Erin Hills (Photo courtesy of the USGA)
Erin Hills (Photo courtesy of the USGA)

IN the lead-up to last year’s US Open at Oakmont Country Club, Jordan Spieth said Oakmont was “the hardest test in all of golf”.

Well, we all know what happened.

The big-hitting Dustin Johnson conquered the mighty Oakmont and will undoubtedly be the overwhelming favourite going into this year’s championship at Erin Hills Golf Course (June 15-18) simply because the layout is 550 yards (503m) longer than Oakmont.

From the tips, Erin Hills, a public venue in Wisconsin, stretches to 7800 yards (7132m) making it the longest course in championship history.

It’s a par-72 (course rating 77.9) and the Slope rating is 145 (par at Oakmont was 70).

All four par-5s at Erin Hills will play in excess of 600 yards (548m) with the 18th 663 yards (606m).

Don’t bet against Johnson, or even some of the other big-hitters, not reaching the 18th in two.

In some ways, Erin Hills resembles Oakmont as it, too, is almost treeless save for half-a-dozen trees inside the perimeter.

That means the players won’t hear their caddies say, “your ball is in the trees”.

What the players already know is the wind is going to be the x-factor because Erin Hills is a sprawling, savannah-style layout.

During construction, the designers (Michael Hurdzan, Dana Fry and Ron Whitten) didn’t shift tonnes of earth around.

They simply routed fairways through and over the natural topography.

According to USGA executive director Mike Davis, Erin Hills has a good blend of long and short holes.

“It has holes that move left to right and right to left, holes you can get aggressive on, holes where you have options,” he said.

“It should be a great test of golf and the golf course is absolutely going to hold its own.”

Perhaps that’s code for the winning score being around a couple under-par, as is tradition at US Opens.

The USGA’s philosophy has always been to identify the best players with past champions including Bob Jones, Ben Hogan, Arnold Palmer, Jack Nicklaus, Gary Player and Tiger Woods.

A public, walking-only course means the facility has caddies for hire and they are extremely knowledgeable.

No doubt, the players’ caddies will seek out as much information from them including the best line off each tee to reading the wind and the putting surfaces.

“I have always said the wind is the x-factor,” local caddie Eric Fritz said.

“You can have a wind out of the north straight down the property and the next day it could come out of a different direction.”

Justin Kordus, another local caddie, agreed: “In June when you have the volatility of the changing weather conditions it’s what causes it (wind) to swirl around.”

The local caddies say a player could be hitting a seven-iron one day and a five- or even a four-iron the next.

There are no trees to gauge the direction and strength of the wind.

Many tee boxes, especially on the par-4s, are elevated and players are hitting down to the fairways.

The greens, too, are elevated and that means the players are below the putting surfaces and can’t feel the wind.

“It’s deceptive,” said local caddie Brandon LaMarche. “One of the most important things is selecting the right club.

“It can be a two- or three-club wind out here and that’s going to affect the scores.”

Still, competitions and marketing director John Morrissett believes the course’s defences are well balanced.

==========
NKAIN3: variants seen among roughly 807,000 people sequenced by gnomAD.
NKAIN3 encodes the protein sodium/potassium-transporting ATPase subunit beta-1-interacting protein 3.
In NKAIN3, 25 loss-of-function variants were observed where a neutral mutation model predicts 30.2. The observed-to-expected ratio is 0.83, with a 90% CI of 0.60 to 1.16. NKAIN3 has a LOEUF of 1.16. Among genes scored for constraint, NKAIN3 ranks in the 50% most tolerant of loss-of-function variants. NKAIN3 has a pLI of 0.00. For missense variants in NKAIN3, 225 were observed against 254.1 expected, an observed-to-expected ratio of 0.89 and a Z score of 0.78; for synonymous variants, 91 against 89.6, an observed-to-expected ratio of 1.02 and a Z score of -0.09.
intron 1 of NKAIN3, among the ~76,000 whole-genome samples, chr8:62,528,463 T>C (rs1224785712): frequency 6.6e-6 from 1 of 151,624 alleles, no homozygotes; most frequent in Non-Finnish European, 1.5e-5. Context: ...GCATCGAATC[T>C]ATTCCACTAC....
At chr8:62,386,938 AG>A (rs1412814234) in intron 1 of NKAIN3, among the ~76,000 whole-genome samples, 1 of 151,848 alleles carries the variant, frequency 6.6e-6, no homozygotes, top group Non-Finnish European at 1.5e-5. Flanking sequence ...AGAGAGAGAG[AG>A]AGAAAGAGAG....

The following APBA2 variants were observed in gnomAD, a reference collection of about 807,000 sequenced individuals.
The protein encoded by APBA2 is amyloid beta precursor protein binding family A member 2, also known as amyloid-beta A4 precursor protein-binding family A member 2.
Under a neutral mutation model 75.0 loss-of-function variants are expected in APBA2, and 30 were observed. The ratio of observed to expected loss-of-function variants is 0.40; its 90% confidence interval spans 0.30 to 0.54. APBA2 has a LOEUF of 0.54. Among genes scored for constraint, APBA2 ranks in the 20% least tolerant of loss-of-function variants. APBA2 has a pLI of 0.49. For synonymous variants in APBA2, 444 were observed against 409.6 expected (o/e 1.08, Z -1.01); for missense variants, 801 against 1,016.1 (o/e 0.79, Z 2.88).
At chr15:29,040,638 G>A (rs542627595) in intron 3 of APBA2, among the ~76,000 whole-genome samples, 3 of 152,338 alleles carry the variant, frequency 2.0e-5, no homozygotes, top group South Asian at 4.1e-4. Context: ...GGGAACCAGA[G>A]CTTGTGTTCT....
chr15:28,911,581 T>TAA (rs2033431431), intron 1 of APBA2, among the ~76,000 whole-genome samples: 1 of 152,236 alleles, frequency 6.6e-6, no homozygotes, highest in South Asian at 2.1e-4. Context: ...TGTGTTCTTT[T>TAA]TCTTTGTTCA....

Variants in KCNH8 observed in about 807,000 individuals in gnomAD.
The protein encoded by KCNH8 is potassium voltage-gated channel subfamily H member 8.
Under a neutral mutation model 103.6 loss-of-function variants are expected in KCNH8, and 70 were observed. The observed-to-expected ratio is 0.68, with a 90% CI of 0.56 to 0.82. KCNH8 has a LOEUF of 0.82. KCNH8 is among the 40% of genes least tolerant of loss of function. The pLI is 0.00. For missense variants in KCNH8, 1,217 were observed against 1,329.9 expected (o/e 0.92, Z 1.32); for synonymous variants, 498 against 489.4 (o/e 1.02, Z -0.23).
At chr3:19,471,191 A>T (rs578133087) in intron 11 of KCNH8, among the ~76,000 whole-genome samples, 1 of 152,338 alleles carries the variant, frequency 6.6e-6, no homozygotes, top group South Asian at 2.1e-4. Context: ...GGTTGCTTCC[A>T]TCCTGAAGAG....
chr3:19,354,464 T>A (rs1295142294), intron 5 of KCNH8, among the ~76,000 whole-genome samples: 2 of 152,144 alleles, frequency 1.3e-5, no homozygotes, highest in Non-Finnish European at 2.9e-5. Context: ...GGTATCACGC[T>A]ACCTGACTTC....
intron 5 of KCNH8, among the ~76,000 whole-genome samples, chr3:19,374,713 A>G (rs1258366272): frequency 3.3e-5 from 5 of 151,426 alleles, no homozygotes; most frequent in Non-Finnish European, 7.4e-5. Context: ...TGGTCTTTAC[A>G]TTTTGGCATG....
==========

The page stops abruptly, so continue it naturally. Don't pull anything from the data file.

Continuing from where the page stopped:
“It doesn’t depend entirely on the wind – even in unusually calm weather the golf course can hold its own and even if we have fierce wind the golf course is not unplayable.”

The smallest green is the second at 350sq/m and the largest the seventh at 1012sq/m while the average fairway size is 39 acres 15.7 hectares.

And when the players arrive for the 117th edition of the US Open there won’t be a single divot in the fairways or a ball mark on the greens.

That’s because the owners closed the course on October 4 last year and won’t reopen it to the public until July 11 – three weeks after the championship.

SPIKENOTE 1: Erin Hills will be just the sixth public access course to host the championship along with Pebble Beach, Pinehurst, Bethpage, Torrey Pines and Chambers Bay.

SPIKENOTE 2: The course record is 66, jointly held by amateurs Ben Geyer and Mike Ignasiak.


# # #



Hole  Yards          Par    Hole  Yards          Par

1        608             5        10      504             4

2        358             4        11      403             4

3        476             4        12      464             4

4        439             4        13      215             3

5        505             4        14      613             5

6        237             3        15      370             4

7        607             5        16      200             3

8        492             4        17      481             4

9        165             3        18      663             5

Out   3887          36     In      3913          36

                                      Total 7800          72

About David Newbery

Chief writer David Newbery has been living, breathing and writing and editing golf for more than 30 years. His extensive knowledge of the game comes from covering golf around the world. Hired by Inside Golf in 2009, David previously worked as the editor of The Golfer for 25 years and before that worked for numerous daily newspapers in Australia and overseas. The Brisbane-based journalist describes his golf game as “a work in progress”, but has had the privilege of playing golf with some of the game’s best players including nine-time major winner Gary Player. David enjoys travelling, reading, music, photography and spending time with family and friends – on and off the golf course.


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